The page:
מדיטציה, ויפאסנה, בודהיזם - בית בהאוונא
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רביעי, 06 דצמבר 2023
בית בהאוונא לוגו
Welcome to Bhavana House הדפס דואל


Bhavana, in Pali, the ancient language of the Buddhist canon, means meditation. In a fuller sense it means the unfolding and development of human potential, supported by the cultivation of wisdom and compassion.

Bhavana House, a Dhamma (Dharma) sanctuary in the old north of Tel Aviv, was established as a private initiative, which derived from the understanding that Israel, as a place of continuing existential conflict and tension, is an optimal place for practising the meditative approach to life. Its aim was to offer an urban center that allows ongoing teaching, inquiry and practice of the Buddhist path within the community in daily life. Bhavana House is a Regional Centre of the World Fellowship of Buddhists (WFB) in Israel. 
The centre  offers appropriate conditions for meditation and study, and facilitates:

- Silent contemplation
- Meditation courses for beginners (SAMATHA, VIPASSANA, METTA)
- Sitting groups within extensive courses
- Dhamma lessons and readings from Buddhist texts
- Individual meetings and instruction
- Weekend - Retreats
- The use of books in the study room
- Accommodation for Dhamma teachers and monks from Israel and abroad
- Hosting the meetings of the study group of Akoda, which is a Peace Learning Community

Bhavana House welcomes experienced and beginning meditators from diverse Buddhist traditions. Its activities are not-for-profit, and are made possible by the generosity and donation (DANA) of participants.

Contact Us:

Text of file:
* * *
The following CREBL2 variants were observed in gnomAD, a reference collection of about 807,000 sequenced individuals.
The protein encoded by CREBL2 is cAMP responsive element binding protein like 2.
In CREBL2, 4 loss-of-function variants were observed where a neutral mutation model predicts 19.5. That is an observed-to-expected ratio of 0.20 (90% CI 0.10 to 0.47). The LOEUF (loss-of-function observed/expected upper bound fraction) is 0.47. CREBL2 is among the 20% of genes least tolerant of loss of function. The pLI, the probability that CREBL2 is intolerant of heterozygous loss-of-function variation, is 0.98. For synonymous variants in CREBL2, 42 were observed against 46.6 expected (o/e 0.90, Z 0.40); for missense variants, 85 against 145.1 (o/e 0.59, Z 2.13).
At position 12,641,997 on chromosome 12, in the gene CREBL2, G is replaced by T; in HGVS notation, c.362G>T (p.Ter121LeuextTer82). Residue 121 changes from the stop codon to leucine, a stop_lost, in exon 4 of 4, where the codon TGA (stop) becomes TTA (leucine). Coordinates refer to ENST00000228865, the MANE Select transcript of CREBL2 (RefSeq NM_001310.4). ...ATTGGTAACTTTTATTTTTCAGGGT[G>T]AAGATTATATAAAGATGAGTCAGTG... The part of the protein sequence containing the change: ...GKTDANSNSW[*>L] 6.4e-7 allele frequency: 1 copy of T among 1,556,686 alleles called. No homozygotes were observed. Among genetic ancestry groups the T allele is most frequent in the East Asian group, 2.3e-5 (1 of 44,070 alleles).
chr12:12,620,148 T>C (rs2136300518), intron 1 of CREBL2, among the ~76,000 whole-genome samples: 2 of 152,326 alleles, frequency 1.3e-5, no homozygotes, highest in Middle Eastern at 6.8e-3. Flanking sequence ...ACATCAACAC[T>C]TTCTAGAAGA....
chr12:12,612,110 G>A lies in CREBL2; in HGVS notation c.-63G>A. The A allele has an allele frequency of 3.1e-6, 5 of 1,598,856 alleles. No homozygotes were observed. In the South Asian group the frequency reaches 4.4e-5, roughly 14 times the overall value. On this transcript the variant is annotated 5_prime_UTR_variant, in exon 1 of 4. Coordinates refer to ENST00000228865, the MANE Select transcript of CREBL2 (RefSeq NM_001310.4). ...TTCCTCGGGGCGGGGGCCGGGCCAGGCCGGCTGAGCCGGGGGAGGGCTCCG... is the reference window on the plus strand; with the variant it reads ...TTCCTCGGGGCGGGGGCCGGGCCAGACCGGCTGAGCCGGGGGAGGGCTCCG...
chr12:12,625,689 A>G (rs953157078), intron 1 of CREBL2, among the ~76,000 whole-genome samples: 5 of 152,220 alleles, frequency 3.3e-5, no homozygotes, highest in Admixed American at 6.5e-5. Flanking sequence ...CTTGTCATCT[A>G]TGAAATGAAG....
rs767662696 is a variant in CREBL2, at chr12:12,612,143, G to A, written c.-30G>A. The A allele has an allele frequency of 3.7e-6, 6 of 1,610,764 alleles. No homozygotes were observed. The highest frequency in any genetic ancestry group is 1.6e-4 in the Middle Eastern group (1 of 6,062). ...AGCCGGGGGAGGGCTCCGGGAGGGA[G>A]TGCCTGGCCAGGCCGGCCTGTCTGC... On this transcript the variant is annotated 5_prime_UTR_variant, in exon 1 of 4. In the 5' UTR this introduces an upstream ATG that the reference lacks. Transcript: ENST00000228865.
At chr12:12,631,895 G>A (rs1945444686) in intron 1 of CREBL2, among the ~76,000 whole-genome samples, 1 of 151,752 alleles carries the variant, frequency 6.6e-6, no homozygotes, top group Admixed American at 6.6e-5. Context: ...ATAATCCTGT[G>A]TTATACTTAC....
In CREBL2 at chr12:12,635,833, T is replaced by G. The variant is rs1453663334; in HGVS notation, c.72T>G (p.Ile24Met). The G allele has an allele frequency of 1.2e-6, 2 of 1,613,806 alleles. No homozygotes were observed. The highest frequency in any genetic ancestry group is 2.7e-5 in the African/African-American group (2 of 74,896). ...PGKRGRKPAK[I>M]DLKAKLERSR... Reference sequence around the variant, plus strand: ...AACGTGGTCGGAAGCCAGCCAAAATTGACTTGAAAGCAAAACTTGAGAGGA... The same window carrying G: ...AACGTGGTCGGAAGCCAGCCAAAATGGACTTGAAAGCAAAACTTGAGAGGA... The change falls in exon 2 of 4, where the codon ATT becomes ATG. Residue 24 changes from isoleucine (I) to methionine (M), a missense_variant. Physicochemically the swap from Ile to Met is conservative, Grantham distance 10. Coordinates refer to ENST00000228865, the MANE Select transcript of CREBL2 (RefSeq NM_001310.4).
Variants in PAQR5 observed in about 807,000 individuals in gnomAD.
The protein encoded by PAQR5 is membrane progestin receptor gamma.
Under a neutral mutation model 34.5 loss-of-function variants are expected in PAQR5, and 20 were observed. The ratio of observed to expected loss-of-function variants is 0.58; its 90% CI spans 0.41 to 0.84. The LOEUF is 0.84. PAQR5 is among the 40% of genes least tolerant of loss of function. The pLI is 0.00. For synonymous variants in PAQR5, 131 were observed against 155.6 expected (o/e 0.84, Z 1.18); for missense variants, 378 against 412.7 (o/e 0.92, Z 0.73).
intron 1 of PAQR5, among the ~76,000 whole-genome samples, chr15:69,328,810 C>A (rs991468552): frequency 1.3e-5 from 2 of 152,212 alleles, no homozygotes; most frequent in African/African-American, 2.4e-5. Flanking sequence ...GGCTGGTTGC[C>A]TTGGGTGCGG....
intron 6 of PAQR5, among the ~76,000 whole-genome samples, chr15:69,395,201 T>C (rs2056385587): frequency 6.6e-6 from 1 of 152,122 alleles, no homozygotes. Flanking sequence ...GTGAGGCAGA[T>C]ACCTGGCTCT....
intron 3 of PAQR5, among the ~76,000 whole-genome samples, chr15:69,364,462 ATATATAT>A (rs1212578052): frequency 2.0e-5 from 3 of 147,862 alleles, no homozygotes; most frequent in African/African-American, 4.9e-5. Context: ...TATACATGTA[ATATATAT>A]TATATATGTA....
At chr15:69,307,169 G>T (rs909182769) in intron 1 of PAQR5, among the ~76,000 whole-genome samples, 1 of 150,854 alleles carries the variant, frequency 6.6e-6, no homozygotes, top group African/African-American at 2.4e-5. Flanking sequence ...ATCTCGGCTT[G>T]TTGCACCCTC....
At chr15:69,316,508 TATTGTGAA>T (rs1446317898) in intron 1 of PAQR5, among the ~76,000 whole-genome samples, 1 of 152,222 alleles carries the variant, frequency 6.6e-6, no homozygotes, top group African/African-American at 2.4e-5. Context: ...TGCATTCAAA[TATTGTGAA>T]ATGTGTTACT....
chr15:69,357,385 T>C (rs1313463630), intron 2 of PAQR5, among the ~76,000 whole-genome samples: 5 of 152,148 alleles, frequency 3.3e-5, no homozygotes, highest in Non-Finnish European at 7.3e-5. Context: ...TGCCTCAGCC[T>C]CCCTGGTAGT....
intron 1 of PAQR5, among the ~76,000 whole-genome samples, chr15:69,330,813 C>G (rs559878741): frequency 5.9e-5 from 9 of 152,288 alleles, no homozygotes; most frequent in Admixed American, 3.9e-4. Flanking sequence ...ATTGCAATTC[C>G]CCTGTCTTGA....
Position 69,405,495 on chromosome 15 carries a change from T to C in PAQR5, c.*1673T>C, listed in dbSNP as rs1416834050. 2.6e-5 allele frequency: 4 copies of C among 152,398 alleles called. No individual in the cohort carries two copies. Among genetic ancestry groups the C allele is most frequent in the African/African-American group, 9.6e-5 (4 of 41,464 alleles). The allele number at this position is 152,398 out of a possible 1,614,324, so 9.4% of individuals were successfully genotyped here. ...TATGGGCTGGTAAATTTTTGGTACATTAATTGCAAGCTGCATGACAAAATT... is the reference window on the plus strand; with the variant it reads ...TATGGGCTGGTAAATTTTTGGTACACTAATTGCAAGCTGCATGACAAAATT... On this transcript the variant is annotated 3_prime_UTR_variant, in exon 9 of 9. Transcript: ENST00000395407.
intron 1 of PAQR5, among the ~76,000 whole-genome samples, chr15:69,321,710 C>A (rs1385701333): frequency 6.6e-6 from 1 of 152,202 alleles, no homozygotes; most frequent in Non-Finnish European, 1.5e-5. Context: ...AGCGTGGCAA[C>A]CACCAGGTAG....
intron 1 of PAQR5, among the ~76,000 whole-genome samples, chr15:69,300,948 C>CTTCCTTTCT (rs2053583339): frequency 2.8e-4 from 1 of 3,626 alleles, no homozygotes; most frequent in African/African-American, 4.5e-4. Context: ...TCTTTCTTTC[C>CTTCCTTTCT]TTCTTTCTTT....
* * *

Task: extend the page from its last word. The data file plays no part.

- Email: 

- We invite you to visit our Gallery

About the Founders

Itamar Bashan – was born in Israel in 1953 to Holocaust survivor parents of European origin. He holds a PsyD in Clinical Psychology, a specialist and a supervisor in psychotherapy. He has practiced for 25 years, in psychiatric and general hospitals, and public mental health clinics (Talbieh Psychiatric Hospital, Jerusalem; Carmel Hospital, Haifa; counseling service at Hebrew University, Jerusalem), and privately in his own clinic. His professional background includes short and long term dynamic psychotherapy with adults and bereaved families; treatment of distressed adolescents; supervision of graduate psychologists specializing in psychotherapy. An encounter with the Buddhist Teaching in 1995 opened up a new professional and personal path, enabling him to integrate western psychology with a Buddhist way of life, and promote harmony among the various dimensions of his personal and professional life.  This harmony, together with faith in the Buddhist Path, led him to found Bhavana House, together with Dr. Thor Gonen, his life partner, and their daughter, Gaya, in 2002.  His emotional affiliation is to Ajahn Sumedho and to the monastic community of  Amaravati in the UK.  For guidance on questions of Dhamma he consults the teachers and monks who practice the forest monks tradition.